Light scattering is a good technique to determine molecular weight. Triple detection combines this detection capability with intrinsic viscosity in to a single system to give both molecular weight and structure
Gel permeation chromatography (GPC) is an established method of determining the molecular mass of polymers. GPC is a fractionation technique so it determines not merely the average values but the complete distribution of molecular weights. However, in its conventional form, (i.e.,using a single concentration detector), GPC only gives relative molecular masses. To overcome this limitation and meet the growing demand for the characterization of increasingly complex polymers, detectors sensitive to molecular weight, such as light scattering detector and viscometer, can be used in GPC. In this way, absolute molecular weight distributions can be obtained, as well as distributions of molecular weight and viscosity. Armed with these, the Mark-Houwink plot can be constructed giving further structural information, such as the degree of polymer branching.
In GPC molecules are separated according to their hydrodynamic volume. Their molecular weights (MW) and molecular weight distribution can be determined from the measured retention volume (RV) by means of a calibration curve (log MW against RV),which must be set up with the aid of a number of standards of known molecular weight. But, as the relationship between molecular weight and size depends on the type of polymer, the calibration curve depends on the polymer used, with the result that true molecular masses can only be obtained if the calibration standards and the sample are of the same type. In all other instances, the results are only relative. Large deviations from the true molecular weight occur in the instance of branched samples, in particular, because the molecular density of these is substantially higher than in linear chains (1, 2). For conventional GPC the detectors used are either refractive index (RI) or ultraviolet (UV) detectors. Their signals depend solely on concentration, not on molecular weight or polymer size.
Molecular Mass Sensitive Detectors
Today, viscosity and/or light scattering detectors are very often used to overcome the limitations of conventional GPC. These mass sensitive detectors are providing complementary information.
Static Light Scattering detectors
The signal of light scattering detectors are directly proportional to the molecular weights of the polymers, the concentration and dn/dc value squared. Since the dependance on the refractive index increment, dn/dc is squared it results that any inaccuracy in this value leads to very large deviations in molecular weight. Whether or not light scattering detectors can be used depends decisively on the refractive index increment of the polymer solvent combination. Where values are high, useable signals are obtained down to molecular masses of approximately 1000 g/mol. In the situation of other polymers, such as polylactide in THF (dn/dc = 0.049), the size of the signal is only about 7% of the polystyrene in THF signal at the same concentration and molecular weight, making reliable evaluation at low MW more challenging. The advantage of light scattering in GPC is that, once calibrated, molecular weight can be directly determined without a calibration curve provided that the signal-to-noise ratio is adequate.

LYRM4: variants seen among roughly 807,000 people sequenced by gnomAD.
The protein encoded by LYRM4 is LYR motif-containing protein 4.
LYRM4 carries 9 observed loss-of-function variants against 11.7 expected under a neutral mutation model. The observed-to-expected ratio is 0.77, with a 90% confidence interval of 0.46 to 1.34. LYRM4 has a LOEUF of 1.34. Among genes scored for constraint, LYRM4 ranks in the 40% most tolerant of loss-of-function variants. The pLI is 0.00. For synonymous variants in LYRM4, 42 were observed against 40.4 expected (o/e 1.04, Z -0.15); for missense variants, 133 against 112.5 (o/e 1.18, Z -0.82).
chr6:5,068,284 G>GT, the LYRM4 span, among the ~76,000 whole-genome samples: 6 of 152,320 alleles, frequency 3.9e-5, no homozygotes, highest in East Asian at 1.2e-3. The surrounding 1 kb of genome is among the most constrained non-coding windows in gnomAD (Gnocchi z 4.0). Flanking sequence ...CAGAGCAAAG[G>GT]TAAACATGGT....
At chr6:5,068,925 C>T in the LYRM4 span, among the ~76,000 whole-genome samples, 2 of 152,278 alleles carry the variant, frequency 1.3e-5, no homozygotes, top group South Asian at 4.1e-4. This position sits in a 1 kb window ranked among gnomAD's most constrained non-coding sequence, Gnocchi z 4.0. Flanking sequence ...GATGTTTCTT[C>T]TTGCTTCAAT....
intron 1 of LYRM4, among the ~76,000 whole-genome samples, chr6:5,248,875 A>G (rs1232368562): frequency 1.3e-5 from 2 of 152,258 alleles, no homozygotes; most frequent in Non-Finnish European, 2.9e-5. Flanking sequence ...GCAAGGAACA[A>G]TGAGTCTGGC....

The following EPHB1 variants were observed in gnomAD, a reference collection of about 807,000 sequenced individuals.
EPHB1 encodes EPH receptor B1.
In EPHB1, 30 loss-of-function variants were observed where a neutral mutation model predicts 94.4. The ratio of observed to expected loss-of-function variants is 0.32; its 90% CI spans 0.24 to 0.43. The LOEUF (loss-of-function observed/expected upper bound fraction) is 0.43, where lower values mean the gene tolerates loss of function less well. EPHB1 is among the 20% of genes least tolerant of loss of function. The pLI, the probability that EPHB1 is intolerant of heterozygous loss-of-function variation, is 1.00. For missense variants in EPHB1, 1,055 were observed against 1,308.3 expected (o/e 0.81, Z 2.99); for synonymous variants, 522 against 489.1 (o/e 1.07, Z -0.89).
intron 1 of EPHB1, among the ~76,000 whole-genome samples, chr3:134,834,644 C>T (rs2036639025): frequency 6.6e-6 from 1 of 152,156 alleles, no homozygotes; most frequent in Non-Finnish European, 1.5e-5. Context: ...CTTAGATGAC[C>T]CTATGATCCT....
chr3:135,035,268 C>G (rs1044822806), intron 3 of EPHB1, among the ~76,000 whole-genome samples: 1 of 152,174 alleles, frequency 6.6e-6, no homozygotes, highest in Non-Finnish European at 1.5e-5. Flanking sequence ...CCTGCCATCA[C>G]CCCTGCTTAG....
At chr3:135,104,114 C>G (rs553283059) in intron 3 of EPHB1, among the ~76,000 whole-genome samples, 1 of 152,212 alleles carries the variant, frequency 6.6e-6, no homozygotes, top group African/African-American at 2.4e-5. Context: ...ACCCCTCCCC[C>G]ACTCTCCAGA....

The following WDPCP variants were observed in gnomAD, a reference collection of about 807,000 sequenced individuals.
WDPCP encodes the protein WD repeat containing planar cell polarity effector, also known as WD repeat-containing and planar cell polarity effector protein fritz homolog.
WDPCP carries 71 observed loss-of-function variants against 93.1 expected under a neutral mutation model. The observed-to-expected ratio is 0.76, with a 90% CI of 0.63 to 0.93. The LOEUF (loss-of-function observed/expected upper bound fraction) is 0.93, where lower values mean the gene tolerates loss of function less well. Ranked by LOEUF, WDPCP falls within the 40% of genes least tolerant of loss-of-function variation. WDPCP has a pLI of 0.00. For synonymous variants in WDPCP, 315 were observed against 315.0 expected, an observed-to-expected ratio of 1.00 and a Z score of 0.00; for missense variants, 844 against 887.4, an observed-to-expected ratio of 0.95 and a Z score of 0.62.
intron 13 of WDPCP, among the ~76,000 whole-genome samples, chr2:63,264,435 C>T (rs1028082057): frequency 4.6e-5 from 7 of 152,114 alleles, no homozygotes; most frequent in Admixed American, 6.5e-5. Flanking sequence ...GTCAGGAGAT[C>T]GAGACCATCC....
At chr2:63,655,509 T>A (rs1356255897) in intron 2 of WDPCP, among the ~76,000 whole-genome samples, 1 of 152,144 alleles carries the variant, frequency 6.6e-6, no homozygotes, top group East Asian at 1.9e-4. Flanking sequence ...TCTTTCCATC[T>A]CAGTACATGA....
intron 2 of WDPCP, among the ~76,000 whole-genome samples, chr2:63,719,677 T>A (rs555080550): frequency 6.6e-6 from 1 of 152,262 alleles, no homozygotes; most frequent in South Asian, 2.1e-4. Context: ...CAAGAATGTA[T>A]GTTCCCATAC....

With regard to viscosity detectors, the signal is proportional to the intrinsic viscosity (IV or [η]) and the concentration of the polymer. For low molecular weights, the sensitivity of the viscosity detector exceeds that of light scattering, even at high dn/dc (see Figure 1). This means that true molecular weights can be obtained, by means of universal calibration, even for samples where the signal-to-noise ratio of light scattering is inadequate.
Figure 1: Triple chromatogram of polystyrene 2000 g/mol. Red is RI, blue is viscometer and black light scattering.
The well-known Mark-Houwink plot is obtained by means of the double logarithmic plot of intrinsic viscosity against MW. It is the central plot of polymer structure analysis as it reflects structural changes in the polymer such as branching and chain rigidity. The slope, described by the Mark-Houwink exponent can vary between 0 for solid spheres and 2 for rod-shaped structures (3).
Combining the advantages of both detectors leads to triple detection (RI/viscosity/LS). Molecular masses can be determined by light scattering, and structure information through intrinsic viscosity. In addition, this combination makes it possible to determine and differentiate between aggregates and microgels. To analyse low MW and/or low dn/dc polymers, universal calibration can be used without the need to convert the GPC system.
It is advantageous to use light scattering to determine molecular weights provided the signals are sufficiently intensive strong. Triple detection combines these detection capabilities in to a single system to give molecular weight and structure without limitations.
Figure 2: Mark-Houwink plot clearly showing changes in branching.
W.W. Yau, J.J. Kirkland and D.D. Bly, Modern Size Exclusion Liquid Chromatography, (Wiley and Sons, New York, USA, 1979).
S. Mori and H.G. Barth, Size Exclusion Chromatography, (Springer-Verlag Berlin, Heidelberg, Germany, 1999).
H.-G. Elias, Makromoleküle, 5th Edition,(Hüthig & Wepf, Basel, Switzerland, 1984).